Toshiba Corp. (TOSBF) has agreed to sell claims in its Westinghouse U.S. nuclear unit to bolster its capital by 410 billion yen ($3.68 billion) by March, helping it to erase negative shareholder equity and avoid being delisted.
The Tokyo-based company plans to complete the sale of the claims to an entity controlled by the Baupost Group LLC this month, it said in a statement Thursday. The deal will generate after-tax profit of 170 billion yen. Toshiba shares rose as much as 2.9% in Tokyo.
The sale will end the Japanese conglomerate’s troubled foray into overseas nuclear power, which started with the $5.4 billion acquisition of Westinghouse in 2006. Two power projects went billions of dollars over budget and years behind schedule, forcing the U.S. entity to seek bankruptcy protection in March. The resulting multibillion-dollar losses pushed Toshiba’s liabilities beyond its level of assets, threatening its listing on the Tokyo Stock Exchange. Toshiba was forced to put its crown-jewel semiconductor business up for sale to plug the hole in its balance sheet.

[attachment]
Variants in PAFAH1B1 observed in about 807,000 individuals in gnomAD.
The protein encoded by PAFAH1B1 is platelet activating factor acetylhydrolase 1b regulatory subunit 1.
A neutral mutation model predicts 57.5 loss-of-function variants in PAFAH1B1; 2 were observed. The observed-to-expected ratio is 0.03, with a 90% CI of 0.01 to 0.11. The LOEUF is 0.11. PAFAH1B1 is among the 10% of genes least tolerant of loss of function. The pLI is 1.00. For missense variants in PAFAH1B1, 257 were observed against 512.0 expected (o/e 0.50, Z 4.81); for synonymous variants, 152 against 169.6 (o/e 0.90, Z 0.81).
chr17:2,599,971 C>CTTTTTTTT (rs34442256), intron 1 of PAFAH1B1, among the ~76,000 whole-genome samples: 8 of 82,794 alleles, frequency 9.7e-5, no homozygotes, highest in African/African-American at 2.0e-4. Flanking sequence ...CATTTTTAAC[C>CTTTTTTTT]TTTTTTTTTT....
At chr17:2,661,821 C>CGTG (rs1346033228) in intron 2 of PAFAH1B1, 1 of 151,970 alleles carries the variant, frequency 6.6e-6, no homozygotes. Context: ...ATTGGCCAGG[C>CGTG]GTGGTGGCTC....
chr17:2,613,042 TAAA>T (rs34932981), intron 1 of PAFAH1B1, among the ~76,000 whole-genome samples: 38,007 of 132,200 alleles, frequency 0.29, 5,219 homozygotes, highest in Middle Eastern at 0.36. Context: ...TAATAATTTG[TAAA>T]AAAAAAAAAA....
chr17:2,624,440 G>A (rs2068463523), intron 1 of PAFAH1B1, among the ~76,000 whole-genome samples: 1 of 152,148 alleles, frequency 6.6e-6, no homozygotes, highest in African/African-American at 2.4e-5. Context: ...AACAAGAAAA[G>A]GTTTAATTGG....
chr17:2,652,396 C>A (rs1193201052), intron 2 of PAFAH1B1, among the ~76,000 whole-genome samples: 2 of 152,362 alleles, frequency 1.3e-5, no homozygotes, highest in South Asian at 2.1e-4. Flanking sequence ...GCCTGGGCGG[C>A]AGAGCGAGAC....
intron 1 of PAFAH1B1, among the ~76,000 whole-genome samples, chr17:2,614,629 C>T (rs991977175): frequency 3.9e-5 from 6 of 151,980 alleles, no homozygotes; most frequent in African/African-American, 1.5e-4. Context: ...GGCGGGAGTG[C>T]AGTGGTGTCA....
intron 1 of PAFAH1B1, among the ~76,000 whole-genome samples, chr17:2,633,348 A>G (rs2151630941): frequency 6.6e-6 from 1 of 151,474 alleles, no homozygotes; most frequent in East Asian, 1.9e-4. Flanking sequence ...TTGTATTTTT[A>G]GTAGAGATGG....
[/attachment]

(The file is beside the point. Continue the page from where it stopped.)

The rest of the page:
The nuclear asset sale and 600 billion yen raised in December through new share issuance together will resolve its capital shortage by the end of its fiscal year, Toshiba said in the statement. Under TSE’s requirements, two straight years of negative shareholders equity are grounds for delisting.
Over the past two months, Toshiba paid its guarantees on nuclear projects in South Carolina and Georgia, entitling it to a total of about $8.1 billion in claims against Westinghouse. The company is selling the claims for $2.16 billion.